SUB 213.
INTERNATIONAL HOUSE
International      students     program
committee      executive      elections,
noon,    International    House   room
400.
UBC INTRAMURALS
Joggers three  mile run, noon, War
Memorial Gym field.
UBC INTRAMURALS
Men's       and       women's       hockey
registration,    all    day,    Intramurals
office.
SKYDIVING CLUB
General meeting, noon, SUB 215.
MUSIC DEPARTMENT
Classical   Hindustani   vocal   recital,
noon, music building, recital hall.
PSYCHOLOGY
STUDENTS' ASSOCIATION
General  meeting,  noon,  Angus 24.
UBC PROGRESSIVE
CONSERVATIVES
Organizational meeting, noon, SUB
211.
ALLIANCE FRANCAISE
French practice, noon, International
House.
c
Free
Campus Delivery
j PHONE- j
224-1720
I 224-6336 |
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ipri J-^L
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izza
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Pizza in 29 Styles
Choice of 3 Sizes '
Special Italian Dishes
STEAKS - SEA FOODS
Hours: Monday to Thursday 11 a.m. to 2 a.m.
Friday & Saturday 11 a.m. to 3 a.m. - Sunday 4 p.m. to 1 a.m.
CALCULATOR
REPAIRS
ALL MAKES AND MODELS
FRE&ESTIMATES
CAL-Q-TRONICS
434-9322
4861 Kingsway: Burnaby.
EDELWEIS
The Ideal
Campus Boot
Regular $39.95   Special $29.95
SALE   20% OFF
OCT. 1ST to 9TH
CAMPING. HIKING EQUIPMENT
Stoves, Cookware & Accessories
EDGER TENTS (Cotton & Nylon
Now $45.00
Now $60.00
Now $70.00
BT 100 Reg. $68.00.
BT 120 Reg. $86.00.
BT 140      Reg. $96.00.
CARIBOU PACKS
Reg. $90.00
Sale $75.00
NUMBEROUS IN-STORE SPECIALS
BICYCLE DEPT. USED 5-SPEEDS FROM $50.00
THE GREAT ESCAPE
1790 W. GEORGIA & DENMAN
687-1113
CHARGEX
coles] ROtGS
400 Titles Available
LARGEST SELECTION OF REVIEW NOTES IN B.C.
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WHEN YOU LOOK GOOD
SO DO WE . . .
PRESCRIPTION
OPTICAL!§|i 9ft
CANDIA
pizza factory
} 228-9512 1   or    I 228-9513 [
4510 W. 10th Ave.
FAST FREE DELIVERY
Open 7 Days A Week, 4 p.m.-2 a.m.
THE CLASSIFIEDS
RATES:   Campus - 3 lines, 1 day $1.50; additional lines 35c
Commercial — 3 lines, 1 day $2.50; additional lines
50c. Additional days $2.25 and 45c.
Classified ads are not accepted by telephone and are payable in
advance. Deadline is 11:30 a.m. the day before publication.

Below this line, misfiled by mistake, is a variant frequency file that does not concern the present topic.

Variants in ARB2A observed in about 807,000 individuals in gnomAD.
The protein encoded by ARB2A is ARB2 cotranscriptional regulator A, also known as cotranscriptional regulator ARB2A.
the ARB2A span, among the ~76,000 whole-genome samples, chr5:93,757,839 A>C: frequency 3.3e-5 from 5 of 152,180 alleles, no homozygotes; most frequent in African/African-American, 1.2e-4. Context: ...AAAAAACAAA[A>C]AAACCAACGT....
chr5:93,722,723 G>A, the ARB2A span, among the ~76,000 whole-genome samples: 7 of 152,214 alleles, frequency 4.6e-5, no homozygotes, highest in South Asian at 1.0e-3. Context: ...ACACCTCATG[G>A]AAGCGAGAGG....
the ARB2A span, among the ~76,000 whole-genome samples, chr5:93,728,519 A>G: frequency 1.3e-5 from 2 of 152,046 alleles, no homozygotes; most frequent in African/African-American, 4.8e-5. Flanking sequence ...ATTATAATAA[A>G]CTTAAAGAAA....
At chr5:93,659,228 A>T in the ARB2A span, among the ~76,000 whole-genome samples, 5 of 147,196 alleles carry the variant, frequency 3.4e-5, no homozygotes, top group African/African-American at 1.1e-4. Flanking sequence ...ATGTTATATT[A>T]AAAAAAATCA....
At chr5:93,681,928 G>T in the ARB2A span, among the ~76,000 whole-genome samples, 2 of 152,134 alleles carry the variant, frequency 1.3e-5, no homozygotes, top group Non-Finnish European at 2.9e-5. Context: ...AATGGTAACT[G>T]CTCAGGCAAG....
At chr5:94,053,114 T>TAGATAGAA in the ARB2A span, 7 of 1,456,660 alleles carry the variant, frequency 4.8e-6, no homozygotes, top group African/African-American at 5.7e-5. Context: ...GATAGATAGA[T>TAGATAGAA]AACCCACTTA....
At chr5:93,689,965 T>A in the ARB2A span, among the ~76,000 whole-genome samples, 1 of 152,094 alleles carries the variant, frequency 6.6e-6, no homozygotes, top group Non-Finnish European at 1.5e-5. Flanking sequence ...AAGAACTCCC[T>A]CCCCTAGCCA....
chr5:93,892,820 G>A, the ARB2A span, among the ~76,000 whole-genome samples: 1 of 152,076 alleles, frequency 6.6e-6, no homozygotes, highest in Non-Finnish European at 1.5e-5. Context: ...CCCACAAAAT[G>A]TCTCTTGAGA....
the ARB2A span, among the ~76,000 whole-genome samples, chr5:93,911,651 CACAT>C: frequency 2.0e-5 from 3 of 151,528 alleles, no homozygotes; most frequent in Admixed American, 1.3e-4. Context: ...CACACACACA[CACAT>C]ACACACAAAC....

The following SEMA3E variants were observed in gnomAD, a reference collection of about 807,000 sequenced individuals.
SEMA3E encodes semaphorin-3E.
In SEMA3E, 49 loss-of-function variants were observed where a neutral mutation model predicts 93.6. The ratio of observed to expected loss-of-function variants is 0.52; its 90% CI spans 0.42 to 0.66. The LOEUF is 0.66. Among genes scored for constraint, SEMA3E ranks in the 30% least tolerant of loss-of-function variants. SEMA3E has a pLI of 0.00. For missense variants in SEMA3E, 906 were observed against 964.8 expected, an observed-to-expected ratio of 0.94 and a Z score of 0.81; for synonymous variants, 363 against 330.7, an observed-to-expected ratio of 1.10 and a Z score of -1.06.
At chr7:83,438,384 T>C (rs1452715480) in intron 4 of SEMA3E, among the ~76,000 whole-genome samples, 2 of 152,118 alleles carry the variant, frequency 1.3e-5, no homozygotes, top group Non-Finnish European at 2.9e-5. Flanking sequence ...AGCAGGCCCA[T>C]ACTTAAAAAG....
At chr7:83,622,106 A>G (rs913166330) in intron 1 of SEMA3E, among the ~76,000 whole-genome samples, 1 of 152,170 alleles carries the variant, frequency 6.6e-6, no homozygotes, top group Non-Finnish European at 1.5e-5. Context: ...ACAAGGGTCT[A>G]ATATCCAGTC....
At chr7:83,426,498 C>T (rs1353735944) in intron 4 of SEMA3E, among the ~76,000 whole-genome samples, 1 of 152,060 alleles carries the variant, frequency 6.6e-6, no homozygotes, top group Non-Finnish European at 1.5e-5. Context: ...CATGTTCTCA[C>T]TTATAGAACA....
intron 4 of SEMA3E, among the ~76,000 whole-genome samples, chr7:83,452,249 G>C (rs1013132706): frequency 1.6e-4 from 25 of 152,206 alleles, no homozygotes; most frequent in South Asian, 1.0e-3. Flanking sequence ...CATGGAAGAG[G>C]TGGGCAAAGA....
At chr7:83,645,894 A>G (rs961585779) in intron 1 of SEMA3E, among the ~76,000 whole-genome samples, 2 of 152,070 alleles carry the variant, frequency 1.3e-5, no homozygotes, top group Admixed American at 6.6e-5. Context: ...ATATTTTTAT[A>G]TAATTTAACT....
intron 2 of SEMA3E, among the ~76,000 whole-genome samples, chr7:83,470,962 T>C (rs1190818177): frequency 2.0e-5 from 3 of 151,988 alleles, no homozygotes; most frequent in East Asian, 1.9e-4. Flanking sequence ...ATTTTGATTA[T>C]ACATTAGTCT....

Publications Off ice. Room 241, S.U.B., UBC, Vancouver.
5 — Coming Events
RUMMAGE SALE. Saturday, Oct. 2,
University Hill United Church, University Boulevard and Toronto Road.
10:30  a.m.-l:00 p.m.
ROCK WITH KWAK, Friday, October
1. 8:30-1:00. Totem Park. $1.50 with
res   card,   $2.50   without.
10 — For Sale — Commercial
ITS FUN, fast and east — complete
instructions — Do-It-Yourself Picture   Framing.   3657  West  Broadway.
11 — For Sale — Private
«S VW WINDOW VAN. Partly camper-
ised, good condition. $1,900 oho.
S8S-2941 after 5 p.m.
TOYOTA MARK II. 1970. Very good
condition, standard 2-door, eats little
gas. Asking $1,350. Janice 228-8541.
PAIR Imura wooden skis with cable
bindings. 6' long. $18.00. 738-1037
after   8:00.
LIKE NEW. Engineering jacket with
crest, freshly cleaned at only $25.
Phone Bob 926-7915 eves.
19(5 MSB. Completely reconditioned,
rebuilt engine, trans., rear end, new
clutch, paint tonneau, top. $1,300
obo. 731-0558.
FOR SALE. 1975 Flat 124 Spyder. Excellent condition, low mileage. Offers.
Phone 298-7174.
20 — Housing
THIRD PERSON needed. Modern house
near UBC. Fireplace, w to w, $180.
224-5731   or   224-1085  eves.
30 - Jobs
EARN $25 for 24 hours lying In a dark
room. Come to Henry Angus Building, Room 13 basement on Friday,
October 1 at 12:30.
30 —Jobs (Continued)
CREW MANAGERS WANTED. Organize student sales crews. Excellent
commission, over-ride on sales.
Phone 873-5126 days.
35 - Lost
TO THE kind lady with the Citroen
who picked me up Wed., Sept. 29. I
forgot my wine-colored shawl in your
car. Please phone Cheifco 228-1248
till  Thursday.  From  Friday 731-0397.
LOST near Biol Wood Chem area three
gold rings. Phone 980-3097 after 7
p.m.  Reward.
65 — Scandals
RORY MAC plays at rock with Kwak.
Friday, Oct. 1, Totem Park Ballroom.
8:30-1:00.
85 — Typing
EFFICIENT SELECTRIC TYPING my
home. Essays, Thesis, etc. Neat, accurate work. Reasonable rates.
26*5317.
90 - Wanted
PEOPLE WHO WANT to earn $100 to
$1,000 per month part-time. Phone:
879-3969.
A   USED  Typewriter.  228-0474.  Takao.
99 — Miscellaneous
EARN $10.00 by participating In a